In Music

Jack Spann will bring his debut full-length album to Linneman's Thursday night. (Photo: Andie Vaaler)

In Music

Gary Tanin (right, with Planet Green Productions partner/engineer Ric Probst) produced Spann's new album. (Photo: DeWook Photography)

It's about "Time" for singer-songwriter Jack Spann and MKE producer Gary Tanin

Milwaukee music producer Gary Tanin has a special friendship with the late David Bowie's longtime producer Tony Visconti, a friendship started back in 1993 in the long gone and forgotten Atlantis of the Internet: CompuServe chat rooms.

"He was in this producer's forum," Tanin recalled. "I had been posting things on there, and that's how we first got connected. One thing led to another; there had been some projects that I'd worked on that I was able to send his way and vice versa. So that's how we communicated!"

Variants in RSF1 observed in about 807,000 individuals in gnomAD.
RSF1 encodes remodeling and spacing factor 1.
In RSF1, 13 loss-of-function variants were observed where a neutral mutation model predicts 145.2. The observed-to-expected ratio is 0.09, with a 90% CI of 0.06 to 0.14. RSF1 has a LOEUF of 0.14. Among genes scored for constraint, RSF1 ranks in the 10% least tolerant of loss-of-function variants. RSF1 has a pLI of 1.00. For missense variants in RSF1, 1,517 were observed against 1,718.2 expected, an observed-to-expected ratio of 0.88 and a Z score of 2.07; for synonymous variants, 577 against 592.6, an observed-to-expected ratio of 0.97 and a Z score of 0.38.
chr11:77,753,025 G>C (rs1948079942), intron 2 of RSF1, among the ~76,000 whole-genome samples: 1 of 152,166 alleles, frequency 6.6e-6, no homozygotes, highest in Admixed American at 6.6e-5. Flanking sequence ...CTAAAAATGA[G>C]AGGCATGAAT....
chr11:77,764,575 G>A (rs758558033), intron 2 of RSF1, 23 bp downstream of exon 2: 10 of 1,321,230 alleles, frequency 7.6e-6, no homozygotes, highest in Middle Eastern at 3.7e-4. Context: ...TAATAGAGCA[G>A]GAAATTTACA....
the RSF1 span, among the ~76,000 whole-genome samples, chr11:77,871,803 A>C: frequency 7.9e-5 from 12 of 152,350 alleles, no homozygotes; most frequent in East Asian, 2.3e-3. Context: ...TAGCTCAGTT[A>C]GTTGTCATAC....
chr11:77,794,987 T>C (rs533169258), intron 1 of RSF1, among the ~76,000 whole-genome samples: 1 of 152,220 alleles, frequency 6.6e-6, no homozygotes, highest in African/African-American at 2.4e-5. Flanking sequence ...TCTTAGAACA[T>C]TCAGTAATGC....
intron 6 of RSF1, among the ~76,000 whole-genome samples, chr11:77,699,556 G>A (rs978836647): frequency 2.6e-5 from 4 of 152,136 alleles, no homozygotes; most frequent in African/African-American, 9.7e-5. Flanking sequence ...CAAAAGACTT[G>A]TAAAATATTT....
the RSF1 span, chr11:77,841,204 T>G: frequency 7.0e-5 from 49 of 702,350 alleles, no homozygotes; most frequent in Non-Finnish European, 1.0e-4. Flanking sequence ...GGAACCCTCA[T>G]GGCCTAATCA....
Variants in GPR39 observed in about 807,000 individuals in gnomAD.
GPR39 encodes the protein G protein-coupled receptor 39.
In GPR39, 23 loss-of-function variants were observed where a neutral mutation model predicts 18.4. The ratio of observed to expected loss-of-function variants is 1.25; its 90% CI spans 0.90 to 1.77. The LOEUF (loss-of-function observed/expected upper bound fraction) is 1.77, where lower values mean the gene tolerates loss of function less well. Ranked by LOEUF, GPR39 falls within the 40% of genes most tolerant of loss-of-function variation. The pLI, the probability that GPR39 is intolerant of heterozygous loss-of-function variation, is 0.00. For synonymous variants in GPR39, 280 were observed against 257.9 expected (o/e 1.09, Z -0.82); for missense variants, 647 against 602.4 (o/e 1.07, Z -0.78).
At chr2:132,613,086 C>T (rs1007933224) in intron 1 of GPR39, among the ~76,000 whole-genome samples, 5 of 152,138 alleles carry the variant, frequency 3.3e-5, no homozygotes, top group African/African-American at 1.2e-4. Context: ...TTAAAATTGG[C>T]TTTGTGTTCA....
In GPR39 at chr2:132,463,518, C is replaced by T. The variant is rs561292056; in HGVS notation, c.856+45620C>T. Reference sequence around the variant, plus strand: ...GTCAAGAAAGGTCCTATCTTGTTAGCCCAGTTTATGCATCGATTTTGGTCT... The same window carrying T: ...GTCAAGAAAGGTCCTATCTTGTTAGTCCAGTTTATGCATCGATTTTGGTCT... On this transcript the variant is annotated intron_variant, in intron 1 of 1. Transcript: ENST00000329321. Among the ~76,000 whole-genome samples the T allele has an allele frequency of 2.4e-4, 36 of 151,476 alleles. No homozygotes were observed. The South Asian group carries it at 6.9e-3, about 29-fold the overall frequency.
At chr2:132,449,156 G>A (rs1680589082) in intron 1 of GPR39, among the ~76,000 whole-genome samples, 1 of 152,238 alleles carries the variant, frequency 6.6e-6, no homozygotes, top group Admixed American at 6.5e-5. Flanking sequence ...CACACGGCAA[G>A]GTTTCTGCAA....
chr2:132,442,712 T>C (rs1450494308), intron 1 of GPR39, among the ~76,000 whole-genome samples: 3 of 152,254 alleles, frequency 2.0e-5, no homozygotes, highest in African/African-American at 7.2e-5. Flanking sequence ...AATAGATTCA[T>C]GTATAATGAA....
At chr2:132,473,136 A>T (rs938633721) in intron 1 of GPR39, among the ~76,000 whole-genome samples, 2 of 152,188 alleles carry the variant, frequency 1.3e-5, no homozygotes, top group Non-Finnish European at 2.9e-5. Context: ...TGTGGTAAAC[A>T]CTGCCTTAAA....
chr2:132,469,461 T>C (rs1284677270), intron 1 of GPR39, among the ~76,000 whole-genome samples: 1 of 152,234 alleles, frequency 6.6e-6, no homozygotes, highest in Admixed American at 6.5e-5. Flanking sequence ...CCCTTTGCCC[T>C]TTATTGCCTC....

Time hasn't changed much for Tanin and Visconti, however. Though their methods of communication may have drastically altered over the past two decades, the two producer pals still keep very much in touch, helping each other with mastering work and passing along recommended artists – one of which ended up being NYC-based piano singer-songwriter Jack Spann, who is taking his Tanin-produced debut full-length record "Time, Time, Time, Time, Time" on the road to Linneman's Riverwest Inn on Thursday, April 21 at 8 p.m.